The entry steps and porch have been completed with the brick pavers. The "false door" entry is typical of this Charleston home design. The additional set of stairs on the side of the porch will create a more direct access to the front and the back yards for the homeowners.

The downstairs rooms have high ceilings and lots of windows to create bright areas for the living and sitting rooms, and the entry area offers a spacious welcome with lots of greeting area and a gracious stairwell opening to the second floor.

On the second floor, this landing leads out to the piazza that mirrors the length of the first floor entry porch.

These porches were designed before homes had air-conditioning, to catch the rare summer breezes in South Carolina.

Along with this back porch, this home will afford the owners several great places to enjoy the outdoors!

Over the next few weeks, we'll watch the interior start to take shape, and see the "Vogel Kitchen" come to life. Don't miss it!

Friday, January 13, 2012

Master Bath

A couple of months ago, we looked at a bathroom that we were asked to redesign, and I showed you several design options that had been presented to the client. Here are some "before" pictures to refresh your memory.

Before a final plan was even chosen, the homeowners stripped down the wallpaper in anticipation of getting underway...I guess they had had enough of the spring green pattern! With a couple of more sessions, a final plan was agreed on. As is often the case, it involves elements from more than one of the original design choices offered. And now, work is well under way.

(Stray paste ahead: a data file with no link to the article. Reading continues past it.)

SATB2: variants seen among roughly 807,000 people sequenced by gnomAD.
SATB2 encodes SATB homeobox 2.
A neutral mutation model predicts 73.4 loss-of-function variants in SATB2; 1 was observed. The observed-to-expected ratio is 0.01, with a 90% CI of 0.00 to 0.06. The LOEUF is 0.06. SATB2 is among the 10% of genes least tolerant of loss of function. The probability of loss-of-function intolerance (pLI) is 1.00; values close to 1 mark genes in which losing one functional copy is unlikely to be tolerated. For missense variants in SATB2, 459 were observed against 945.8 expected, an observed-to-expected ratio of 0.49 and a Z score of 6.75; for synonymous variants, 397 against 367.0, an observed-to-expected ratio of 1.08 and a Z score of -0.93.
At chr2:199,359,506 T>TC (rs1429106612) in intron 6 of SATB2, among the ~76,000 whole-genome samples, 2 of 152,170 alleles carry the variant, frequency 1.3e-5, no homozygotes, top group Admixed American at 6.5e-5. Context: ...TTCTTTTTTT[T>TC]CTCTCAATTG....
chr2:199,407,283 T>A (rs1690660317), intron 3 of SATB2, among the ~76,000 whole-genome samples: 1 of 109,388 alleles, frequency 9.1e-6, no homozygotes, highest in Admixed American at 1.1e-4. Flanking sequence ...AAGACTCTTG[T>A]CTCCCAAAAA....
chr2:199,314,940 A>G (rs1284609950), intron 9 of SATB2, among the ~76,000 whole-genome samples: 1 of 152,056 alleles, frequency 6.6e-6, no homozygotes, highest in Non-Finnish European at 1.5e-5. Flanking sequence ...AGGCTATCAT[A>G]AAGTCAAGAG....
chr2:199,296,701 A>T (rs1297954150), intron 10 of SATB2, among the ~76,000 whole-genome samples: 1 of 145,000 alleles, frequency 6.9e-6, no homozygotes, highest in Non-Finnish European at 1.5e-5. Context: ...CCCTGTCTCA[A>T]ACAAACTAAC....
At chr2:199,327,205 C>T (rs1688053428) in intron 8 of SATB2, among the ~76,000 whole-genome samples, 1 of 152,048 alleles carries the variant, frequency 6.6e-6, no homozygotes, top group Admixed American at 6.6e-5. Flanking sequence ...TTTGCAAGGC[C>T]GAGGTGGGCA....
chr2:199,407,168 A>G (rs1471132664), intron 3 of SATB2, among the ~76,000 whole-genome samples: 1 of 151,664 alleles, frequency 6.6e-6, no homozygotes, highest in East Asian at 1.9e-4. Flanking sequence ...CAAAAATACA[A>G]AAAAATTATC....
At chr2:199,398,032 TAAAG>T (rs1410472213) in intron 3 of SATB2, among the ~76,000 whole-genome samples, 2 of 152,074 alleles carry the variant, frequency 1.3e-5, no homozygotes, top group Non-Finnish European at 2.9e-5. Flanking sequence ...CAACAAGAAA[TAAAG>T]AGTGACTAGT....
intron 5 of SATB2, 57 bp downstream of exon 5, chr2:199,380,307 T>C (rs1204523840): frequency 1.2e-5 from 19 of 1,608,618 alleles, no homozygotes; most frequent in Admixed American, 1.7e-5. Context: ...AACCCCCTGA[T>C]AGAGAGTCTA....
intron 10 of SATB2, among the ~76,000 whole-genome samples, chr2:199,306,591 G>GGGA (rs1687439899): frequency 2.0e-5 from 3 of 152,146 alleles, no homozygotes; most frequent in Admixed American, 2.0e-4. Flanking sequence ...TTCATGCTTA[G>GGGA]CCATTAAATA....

Since the bathroom is over their garage, the homeowner had the terrific idea of opening a hole in the floor so that the demo material could be dumped directly into a construction trailer below.

This was also a great way to bring in new construction materials, and avoid a lot of mess and tracking through the house...well, all except the bathtub, which wouldn't fit between the floor joists. This 550lb. fixture required 4 men to maneuver it up the stairs and down the hall. It has found it's temporary home in the adjoining bedroom.

Everything has been ripped out, and new framing is in for the shower (which will now be glassed in on one side), the water closet and sauna. New overhead lighting is in as well.

And when the mess and fuss of a construction project like this gets you down, what helps?

Frankly, there is very little that a good box of mixed chocolates can't fix!

Friday, January 6, 2012

Wrapping The House

We saw the bones of the house going up last week, and now we can get a look at the covering layers going over that.

Insulation is put into all the exterior walls and between the ceiling of the first floor and floor of the second.

This will not only help keep the home an even temperature, but it creates a noise barrier for upstairs traffic--especially when the grand kids are visiting!

Then, the exterior is covered with the sheets of wood. A moisture barrier wraps the entire exterior, then the Hardie Board siding is nailed in place. This is a cement fiber product that creates a very durable and easy to maintain home exterior.

And the stately windows and doors are all in place.

The Sheetrock is being delivered for the interior, so we'll be able to watch the fun details starting to happen now.

This house is really taking shape!